A family visa, also known as a family-based immigrant visa, is a special permit that lets you reunite with your family in another country. To obtain one, you must have a family member like a spouse, parent, sibling, or child already living in that foreign country.

In the United States, laws let certain people who are not U.S. citizens but are family members of U.S. citizens or permanent residents become permanent residents themselves and get a green card. The spouse, young child, or parent of a U.S. citizen are all eligible to apply for a family visa.

RapidVisa specializes in family immigration. Since 2009, we've helped tens of thousands of families reunite in the United States.

There are several types of family visas we assist with. Here are the 5 most common types:

K1 Fiancé Visa - The K-1 Fiancé Visa lets the foreign partner of a U.S. citizen legally come to the United States. After getting married, they can apply for a green card based on their marriage.
IR2 Child Visa - An IR-2 Visa is a special visa for kids of U.S. citizens. The "IR" means "Immediate Relative," and "2" is just the second type of this visa.

This visa is for children under 21 years old who are either the natural or adopted children of a U.S. citizen. It allows these children come to the U.S. and become permanent residents (obtain a green card) when they arrive.

CR1/IR1 Spousal Visa – A Conditional Resident Visa (CR1) lets someone married to a U.S. citizen for less than two years move to the U.S. and become a permanent resident. However, their permanent resident status comes with some conditions.

– An Immediate Relative Visa (IR1) lets someone married to a U.S. citizen for more than two years move to the U.S. and become a full permanent resident without any conditions.

IR5 Parent Visa – An Immediate Relative Visa (IR5) is for parents of U.S. citizens who are 21 years of age or older. It allows parents to enter the United States as lawful permanent residents (green card holders).
K-3 Spousal Visa – The K-3 Spousal Visa is

intended to allow spouses of U.S. citizens to enter the United States temporarily while they wait to process their immigrant visa (IR-1 or CR-1) petitions.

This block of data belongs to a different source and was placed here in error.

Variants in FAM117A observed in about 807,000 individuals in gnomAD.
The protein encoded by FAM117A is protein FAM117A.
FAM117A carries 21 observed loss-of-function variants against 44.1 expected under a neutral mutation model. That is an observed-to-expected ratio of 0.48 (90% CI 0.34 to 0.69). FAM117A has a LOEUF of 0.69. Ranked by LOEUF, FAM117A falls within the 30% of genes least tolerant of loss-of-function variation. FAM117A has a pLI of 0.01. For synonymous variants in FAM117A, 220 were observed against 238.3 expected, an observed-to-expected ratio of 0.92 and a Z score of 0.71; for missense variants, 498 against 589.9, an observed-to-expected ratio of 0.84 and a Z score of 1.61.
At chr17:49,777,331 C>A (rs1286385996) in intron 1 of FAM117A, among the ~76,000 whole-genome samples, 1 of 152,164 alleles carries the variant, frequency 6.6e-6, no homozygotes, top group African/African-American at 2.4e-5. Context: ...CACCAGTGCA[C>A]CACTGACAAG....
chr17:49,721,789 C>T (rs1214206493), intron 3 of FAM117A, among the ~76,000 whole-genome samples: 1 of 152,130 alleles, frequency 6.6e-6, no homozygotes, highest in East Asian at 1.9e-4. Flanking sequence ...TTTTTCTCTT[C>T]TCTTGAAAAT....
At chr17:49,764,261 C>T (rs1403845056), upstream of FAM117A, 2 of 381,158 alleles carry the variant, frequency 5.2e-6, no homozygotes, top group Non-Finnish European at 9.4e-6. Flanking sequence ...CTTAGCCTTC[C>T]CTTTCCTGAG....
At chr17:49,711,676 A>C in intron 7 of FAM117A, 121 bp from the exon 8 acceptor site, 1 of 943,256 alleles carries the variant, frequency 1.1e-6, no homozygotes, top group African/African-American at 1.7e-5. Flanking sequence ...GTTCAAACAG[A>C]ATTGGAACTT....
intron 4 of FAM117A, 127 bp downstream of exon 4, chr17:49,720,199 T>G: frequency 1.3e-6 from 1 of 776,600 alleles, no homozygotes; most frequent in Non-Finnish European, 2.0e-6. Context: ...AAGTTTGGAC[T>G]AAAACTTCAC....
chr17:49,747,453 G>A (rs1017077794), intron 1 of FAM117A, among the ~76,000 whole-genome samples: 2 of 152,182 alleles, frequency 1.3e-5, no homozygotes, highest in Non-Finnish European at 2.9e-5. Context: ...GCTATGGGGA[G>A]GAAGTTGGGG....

Frequently Asked Questions:

What are the requirements for a family visa? 

  • You must have a family member in the U.S. who is either a citizen or a permanent resident (green card holder) to support your application.
  • You need to have a recognized family relationship with the citizen, like being their spouse, child, parent, or sibling.
  • They have to file a petition for you with U.S. immigration authorities.
  • If your petition is approved, it proves your family relationship.
  • You can then apply for a visa at your home country’s U.S. Embassy or consulate.
  • You might be required to attend an interview and undergo a medical evaluation.
  • Your U.S. family members might need to show they can support you financially.
  • If everything goes well, you'll get the visa to enter the U.S.
  • When you arrive in the U.S., checks will be made at the entry point.

What do I need for a family visa in the Philippines?

Here's how you can get a family visa to the U.S. from the Philippines:

  • A family member who's a U.S. citizen or permanent resident starts by submitting a request to the U.S. government. This request shows that there's a real family connection.
  • If the request is approved, it means your family connection is recognized.
  • Your case gets sent to the National Visa Center (NVC). They'll give instructions to your family member/s in the U.S. and to you in the Philippines. These instructions will include details about fees and documents.
  • You'll need to pay specific fees, including the visa application fee and, if needed, the Affidavit of Support fee.
  • You'll have to fill out some forms for your visa application. These forms are usually available online.
  • You might need to go for a medical checkup with a specific doctor chosen by the U.S. government. They'll send your medical results to the U.S. embassy or consulate.
  • You'll schedule an interview at the U.S. Embassy or consulate in the Philippines. A U.S. official will talk to you to decide if they will approve your visa.
  • During the interview, bring all the documents they request, like your passport, photos, birth certificates, and more. If your U.S. family member has to show they can support you financially, they'll need to do that.
  • If everything goes well, they'll give you the visa, and you can come to the U.S.

How much is a family visa to the U.S.?

  • The fees for family visas to the United States vary depending on the specific visa category and the type of relationship between the petitioner (the U.S. citizen or permanent resident family member) and the beneficiary (the family member seeking the visa). These fees are subject to change, so you must check the official U.S. Department of State website or the U.S. embassy or consulate website for the most up-to-date fee information.

Here are the fees for family-based immigration visas to the United States:

I-130 Petition Fee: This is the cost to file the first form, called Form I-130. It's needed to prove the family relationship. Right now, it's $535.

Visa Application Fee: When you apply for a visa at the U.S. embassy or consulate in your home country, there's usually a fee. The amount varies depending on the type of visa but can be between $160 and $265 or more.

Affidavit of Support Fee: If the U.S. family member has to submit a financial support form (Form I-864), there might be a fee for that too. Currently, it's $120.